This Election Day, lifting up our shared values of democracy and solidarity


Join us for a webinar next Tuesday to unpack what the election results could mean for co-op policy priorities. [photo: Co-ops Vote]
As this article is posted, people in the United States are exercising their right to vote in federal, state and local elections. What does this moment mean in the context of the cooperative community and NCBA CLUSA?

It is a moment to reflect on our cooperative identity that holds, among others, the shared values of democracy and solidarity. That means that we cherish each person’s voice and, at the end of the day, understand that we are all part of one community with shared interests. For a co-op, that means the ability of every member to vote on the co-op’s leadership and strategic direction as well as the responsibility to serve not only its broader membership, but also the community.

In a national election, these values mean that everyone has the opportunity and is encouraged to vote for a government that keeps in mind the best interests of all of the country’s people. This is a time to remember the motto on the Great Seal of the United States: E pluribus unum—Out of many, one. Just as a co-op survives and thrives when its members are focused on the success of the co-op, this nation is at its greatest when we are focused on the common good.

No matter the results of the election, those public servants elected this November will be seeking to set their policy and legislative agenda in the next weeks and months. NCBA CLUSA is ready to work with the cooperative community to ensure policymakers understand how co-ops are the preferred strategy to empower people in their businesses and communities. Last month, NCBA CLUSA and the Cooperative Development Foundation released a new report from the Urban Institute called “Policy Strategies to Build a More Inclusive Economy with Cooperatives.” The report provides an overview of the role co-ops can play in building healthy, equitable and sustainable communities, and explains how federal, state and local policies can advance that work.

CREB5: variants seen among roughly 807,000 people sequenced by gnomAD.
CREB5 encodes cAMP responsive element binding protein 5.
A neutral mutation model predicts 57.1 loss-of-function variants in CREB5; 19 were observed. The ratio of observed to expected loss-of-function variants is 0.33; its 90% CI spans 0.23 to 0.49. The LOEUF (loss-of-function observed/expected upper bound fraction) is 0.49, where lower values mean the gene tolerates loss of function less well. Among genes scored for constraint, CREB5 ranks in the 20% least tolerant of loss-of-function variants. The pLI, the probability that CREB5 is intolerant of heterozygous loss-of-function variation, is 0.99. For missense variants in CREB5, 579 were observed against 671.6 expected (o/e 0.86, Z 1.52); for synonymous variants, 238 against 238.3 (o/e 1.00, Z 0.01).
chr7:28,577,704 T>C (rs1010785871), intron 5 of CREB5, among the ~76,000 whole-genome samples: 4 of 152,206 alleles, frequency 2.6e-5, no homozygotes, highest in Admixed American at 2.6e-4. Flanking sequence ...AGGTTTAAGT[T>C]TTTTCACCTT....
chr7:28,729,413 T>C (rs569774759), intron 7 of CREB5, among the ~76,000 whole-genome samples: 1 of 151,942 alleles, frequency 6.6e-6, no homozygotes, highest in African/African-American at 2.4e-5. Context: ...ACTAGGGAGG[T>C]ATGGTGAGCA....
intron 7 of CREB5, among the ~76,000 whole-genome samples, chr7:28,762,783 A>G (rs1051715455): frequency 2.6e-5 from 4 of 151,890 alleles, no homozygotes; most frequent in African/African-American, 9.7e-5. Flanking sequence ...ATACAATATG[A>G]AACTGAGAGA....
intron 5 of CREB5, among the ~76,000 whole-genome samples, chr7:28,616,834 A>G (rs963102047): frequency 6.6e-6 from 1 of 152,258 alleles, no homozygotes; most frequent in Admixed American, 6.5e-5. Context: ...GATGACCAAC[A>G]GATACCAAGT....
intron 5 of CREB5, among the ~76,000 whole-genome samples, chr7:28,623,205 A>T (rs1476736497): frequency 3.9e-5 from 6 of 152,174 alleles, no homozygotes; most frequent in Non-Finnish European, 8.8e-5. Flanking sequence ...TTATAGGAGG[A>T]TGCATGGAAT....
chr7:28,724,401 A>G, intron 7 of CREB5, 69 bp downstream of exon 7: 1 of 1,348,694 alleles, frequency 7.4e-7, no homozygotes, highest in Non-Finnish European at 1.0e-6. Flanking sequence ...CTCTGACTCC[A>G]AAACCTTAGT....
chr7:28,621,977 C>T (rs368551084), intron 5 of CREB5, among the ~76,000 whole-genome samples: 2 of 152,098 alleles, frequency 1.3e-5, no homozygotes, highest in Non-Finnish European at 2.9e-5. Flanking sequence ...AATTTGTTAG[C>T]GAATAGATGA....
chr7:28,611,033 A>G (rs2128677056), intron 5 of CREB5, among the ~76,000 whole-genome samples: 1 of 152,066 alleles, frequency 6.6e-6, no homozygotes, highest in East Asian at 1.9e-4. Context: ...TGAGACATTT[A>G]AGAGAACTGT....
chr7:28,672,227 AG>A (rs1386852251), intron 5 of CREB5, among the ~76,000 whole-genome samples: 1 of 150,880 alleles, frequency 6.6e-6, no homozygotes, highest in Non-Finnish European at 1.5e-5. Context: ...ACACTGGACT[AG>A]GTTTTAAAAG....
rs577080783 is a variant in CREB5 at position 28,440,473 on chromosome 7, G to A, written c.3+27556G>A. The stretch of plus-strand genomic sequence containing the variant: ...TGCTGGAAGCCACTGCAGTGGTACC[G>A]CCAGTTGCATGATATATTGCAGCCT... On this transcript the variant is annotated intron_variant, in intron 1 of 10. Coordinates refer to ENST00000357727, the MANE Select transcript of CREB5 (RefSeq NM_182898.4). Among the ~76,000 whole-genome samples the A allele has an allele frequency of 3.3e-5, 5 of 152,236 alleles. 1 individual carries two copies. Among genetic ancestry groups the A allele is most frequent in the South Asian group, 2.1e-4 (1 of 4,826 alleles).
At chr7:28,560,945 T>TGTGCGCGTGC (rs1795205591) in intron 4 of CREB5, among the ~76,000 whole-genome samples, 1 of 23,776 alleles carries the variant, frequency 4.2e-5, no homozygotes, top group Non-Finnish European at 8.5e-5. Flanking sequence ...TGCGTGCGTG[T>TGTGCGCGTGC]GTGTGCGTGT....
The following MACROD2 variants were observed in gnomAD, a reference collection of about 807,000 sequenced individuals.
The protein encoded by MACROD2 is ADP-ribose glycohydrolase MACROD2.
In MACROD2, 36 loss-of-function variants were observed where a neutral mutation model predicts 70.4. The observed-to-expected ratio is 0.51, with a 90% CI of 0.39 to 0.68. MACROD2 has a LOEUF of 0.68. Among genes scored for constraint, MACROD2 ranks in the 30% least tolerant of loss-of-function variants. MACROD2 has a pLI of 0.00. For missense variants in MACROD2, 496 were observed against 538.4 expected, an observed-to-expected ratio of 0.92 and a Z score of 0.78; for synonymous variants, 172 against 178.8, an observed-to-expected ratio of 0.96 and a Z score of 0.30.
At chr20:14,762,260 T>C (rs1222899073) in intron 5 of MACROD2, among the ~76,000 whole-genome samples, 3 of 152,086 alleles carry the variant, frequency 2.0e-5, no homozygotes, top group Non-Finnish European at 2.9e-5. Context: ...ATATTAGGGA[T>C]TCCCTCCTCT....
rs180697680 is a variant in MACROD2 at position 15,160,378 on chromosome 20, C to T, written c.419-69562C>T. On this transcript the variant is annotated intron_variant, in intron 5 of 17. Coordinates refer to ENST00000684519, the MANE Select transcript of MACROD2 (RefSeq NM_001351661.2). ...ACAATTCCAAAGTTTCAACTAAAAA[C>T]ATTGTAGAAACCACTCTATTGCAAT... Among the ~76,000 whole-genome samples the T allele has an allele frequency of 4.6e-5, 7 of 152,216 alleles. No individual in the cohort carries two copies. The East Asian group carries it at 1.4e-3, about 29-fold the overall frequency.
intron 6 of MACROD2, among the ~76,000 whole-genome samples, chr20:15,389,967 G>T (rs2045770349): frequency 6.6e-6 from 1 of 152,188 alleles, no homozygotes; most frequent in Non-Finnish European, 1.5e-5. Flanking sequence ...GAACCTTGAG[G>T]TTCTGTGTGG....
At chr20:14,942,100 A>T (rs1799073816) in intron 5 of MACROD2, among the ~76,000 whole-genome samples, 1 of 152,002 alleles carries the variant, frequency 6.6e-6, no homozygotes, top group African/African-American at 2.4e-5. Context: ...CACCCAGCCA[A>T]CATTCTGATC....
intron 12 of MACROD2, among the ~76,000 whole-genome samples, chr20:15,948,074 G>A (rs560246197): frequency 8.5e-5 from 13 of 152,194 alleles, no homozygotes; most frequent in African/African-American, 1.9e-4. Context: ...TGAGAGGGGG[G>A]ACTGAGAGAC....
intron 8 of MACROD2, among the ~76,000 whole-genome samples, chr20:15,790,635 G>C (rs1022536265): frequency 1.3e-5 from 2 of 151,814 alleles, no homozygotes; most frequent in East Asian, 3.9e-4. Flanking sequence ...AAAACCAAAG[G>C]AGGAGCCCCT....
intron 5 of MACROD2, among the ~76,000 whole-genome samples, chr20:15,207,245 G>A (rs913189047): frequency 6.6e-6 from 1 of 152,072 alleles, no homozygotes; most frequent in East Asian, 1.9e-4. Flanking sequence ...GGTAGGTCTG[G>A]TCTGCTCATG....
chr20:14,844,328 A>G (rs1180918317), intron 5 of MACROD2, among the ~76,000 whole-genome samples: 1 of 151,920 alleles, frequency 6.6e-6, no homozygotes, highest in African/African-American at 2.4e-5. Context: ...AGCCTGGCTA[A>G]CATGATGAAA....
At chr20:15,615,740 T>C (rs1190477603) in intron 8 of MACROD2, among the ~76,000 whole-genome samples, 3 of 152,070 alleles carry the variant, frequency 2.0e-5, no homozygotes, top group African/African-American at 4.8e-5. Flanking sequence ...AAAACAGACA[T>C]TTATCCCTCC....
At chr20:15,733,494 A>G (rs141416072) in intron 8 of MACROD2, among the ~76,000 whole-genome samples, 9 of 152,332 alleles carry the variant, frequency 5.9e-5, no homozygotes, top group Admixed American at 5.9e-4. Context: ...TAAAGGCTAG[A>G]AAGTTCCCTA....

To continue this conversation, we are hosting a webinar on Tuesday, November 10 to consider what the election results might mean for the policy priorities of the cooperative community.

Register here

As the country seeks to heal the wounds of an uneven economy, racial injustice and deep societal discord, people will need to use every means necessary to meet these generational challenges. Now is the time for the cooperative community to step forward as a proven strategy to build an economy that is equitable and includes everyone.

Now is the time for the cooperative community to step forward as a proven strategy to build an economy that is equitable and includes everyone.

—Doug O’Brien is president and CEO of NCBA CLUSA, where he works with the cooperative community to deepen its impact on the economy.

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